"" Writer's Wanderings: Fort Sumter - The First Shot

Thursday, March 13, 2014

Fort Sumter - The First Shot

The Civil War was a grave time in our nation's history. Fort Sumter plays a big part in that history as it is where the first shot of the war was fired. South Carolina was the first state to secede from the union in December of 1860 followed quickly by five other states in the deep south. They formed the Confederate States of America and soon after the fight at Fort Sumter they were joined by other southern states. At issue was the right to own slaves as property.

The first shot of the war was fired at Fort Sumter where US Major Robert Anderson and his 85 soldiers had moved to from Fort Moultrie nearby when South Carolina and the other states seceded. The first shot was fired on April 12, 1861, just weeks after the inauguration of Abraham Lincoln as president. The fort was bombarded over the next two days eventually causing Anderson to surrender on April 14. He and his men were allowed to return to the north. The story does not end there though.

Fort Sumter became a central point of fighting among the North and South. The Union troops bombarded it mercilessly. According to what I read, the Confederates never surrendered the fort. They were forced to abandon it when Sherman surrounded the city of Charleston and effectively cut it off from all supplies thereby forcing the surrender of the city.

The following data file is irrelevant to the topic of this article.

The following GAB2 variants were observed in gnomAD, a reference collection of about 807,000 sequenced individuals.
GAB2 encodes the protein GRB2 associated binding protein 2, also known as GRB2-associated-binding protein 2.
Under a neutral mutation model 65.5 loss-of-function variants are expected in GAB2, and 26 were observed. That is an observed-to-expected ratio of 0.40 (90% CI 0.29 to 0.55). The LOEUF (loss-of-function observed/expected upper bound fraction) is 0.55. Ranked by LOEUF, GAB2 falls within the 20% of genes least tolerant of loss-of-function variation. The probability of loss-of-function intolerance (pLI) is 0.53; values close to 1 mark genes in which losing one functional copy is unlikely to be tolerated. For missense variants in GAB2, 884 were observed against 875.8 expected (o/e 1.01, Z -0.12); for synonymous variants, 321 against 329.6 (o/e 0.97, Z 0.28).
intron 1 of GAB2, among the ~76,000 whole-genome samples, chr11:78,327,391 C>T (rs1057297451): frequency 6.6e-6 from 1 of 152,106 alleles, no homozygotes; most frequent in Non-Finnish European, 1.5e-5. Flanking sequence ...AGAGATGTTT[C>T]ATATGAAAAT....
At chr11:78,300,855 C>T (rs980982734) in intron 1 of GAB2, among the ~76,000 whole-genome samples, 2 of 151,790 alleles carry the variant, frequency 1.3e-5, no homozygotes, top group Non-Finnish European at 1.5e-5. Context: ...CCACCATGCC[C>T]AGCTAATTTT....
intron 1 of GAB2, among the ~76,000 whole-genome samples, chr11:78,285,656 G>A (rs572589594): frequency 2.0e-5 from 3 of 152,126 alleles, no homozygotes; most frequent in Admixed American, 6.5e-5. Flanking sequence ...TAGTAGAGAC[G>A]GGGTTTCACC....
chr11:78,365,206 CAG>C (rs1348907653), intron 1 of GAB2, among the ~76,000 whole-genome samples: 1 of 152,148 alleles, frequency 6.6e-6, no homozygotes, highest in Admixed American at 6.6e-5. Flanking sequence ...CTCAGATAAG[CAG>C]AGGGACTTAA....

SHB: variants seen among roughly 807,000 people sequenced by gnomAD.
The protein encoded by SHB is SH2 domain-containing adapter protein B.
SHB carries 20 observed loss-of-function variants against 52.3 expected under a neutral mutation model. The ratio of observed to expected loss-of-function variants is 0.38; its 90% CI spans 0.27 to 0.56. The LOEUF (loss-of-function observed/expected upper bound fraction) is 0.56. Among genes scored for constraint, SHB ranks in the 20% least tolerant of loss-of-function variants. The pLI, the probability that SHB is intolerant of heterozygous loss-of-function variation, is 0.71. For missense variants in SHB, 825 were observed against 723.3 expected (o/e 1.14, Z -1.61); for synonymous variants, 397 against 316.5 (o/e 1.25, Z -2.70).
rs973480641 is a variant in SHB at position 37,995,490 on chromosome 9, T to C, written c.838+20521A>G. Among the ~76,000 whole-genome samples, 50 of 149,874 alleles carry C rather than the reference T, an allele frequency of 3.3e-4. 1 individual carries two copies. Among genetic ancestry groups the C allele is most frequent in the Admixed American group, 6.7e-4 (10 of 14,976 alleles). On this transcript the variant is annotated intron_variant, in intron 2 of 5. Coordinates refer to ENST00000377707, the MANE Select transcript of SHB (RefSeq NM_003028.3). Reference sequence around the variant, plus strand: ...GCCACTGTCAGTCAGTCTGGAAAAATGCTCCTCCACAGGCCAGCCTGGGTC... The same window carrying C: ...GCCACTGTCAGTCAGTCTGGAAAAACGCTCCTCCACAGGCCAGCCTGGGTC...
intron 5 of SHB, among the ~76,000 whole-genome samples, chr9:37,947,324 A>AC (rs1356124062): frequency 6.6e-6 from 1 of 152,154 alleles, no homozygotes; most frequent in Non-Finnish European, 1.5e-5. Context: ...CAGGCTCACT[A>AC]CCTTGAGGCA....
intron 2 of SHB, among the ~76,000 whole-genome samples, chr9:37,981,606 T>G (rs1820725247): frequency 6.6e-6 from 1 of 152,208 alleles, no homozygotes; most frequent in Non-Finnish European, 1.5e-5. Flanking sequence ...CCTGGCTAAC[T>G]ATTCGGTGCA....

The fort is a monument to the brave men on both sides who fought there. There is not much left of the original fortress whose construction began just after the war of 1812. The fort was still not complete when the war between the states broke out. Fort Sumter is pentagon shaped with five foot thick walls that once rose 50 feet over the low tide mark. There were several stories that housed the military who were stationed there. Much of that burned and fell to the ground during the first battle at the fort.

After the war, the fort was used as a lighthouse but when the Spanish-American War broke out, the fort was once again fitted for a defensive position with the construction of a large interior area called "Battery Huger."
It never saw action and now houses a museum on the island fortification.

The only way to get to the Fort Sumter National Monument is by boat and the best way is to take the Fort Sumter Tour that leaves from Liberty Square in Charleston or Patriot's Point in Mount Pleasant on the other side of the Cooper River. The price is reasonable and the 2 1/2 hour trip was pleasurable. The ride on the ferry is about 45 minutes each way and is often accompanied by some of the 500 dolphins that inhabit the river area. It leaveas one hour for touring the fort itself. Once you arrive, there is a National Park ranger who gives the historical overview and then you have time to explore.

Our morning tour was our last day in warm sunny weather. The next day we ended up staying an extra night in Wytheville, VA, to avoid the storm we thought we had so carefully avoided. We wish we had stayed the extra night in Charleston but who knew? What a crazy winter.

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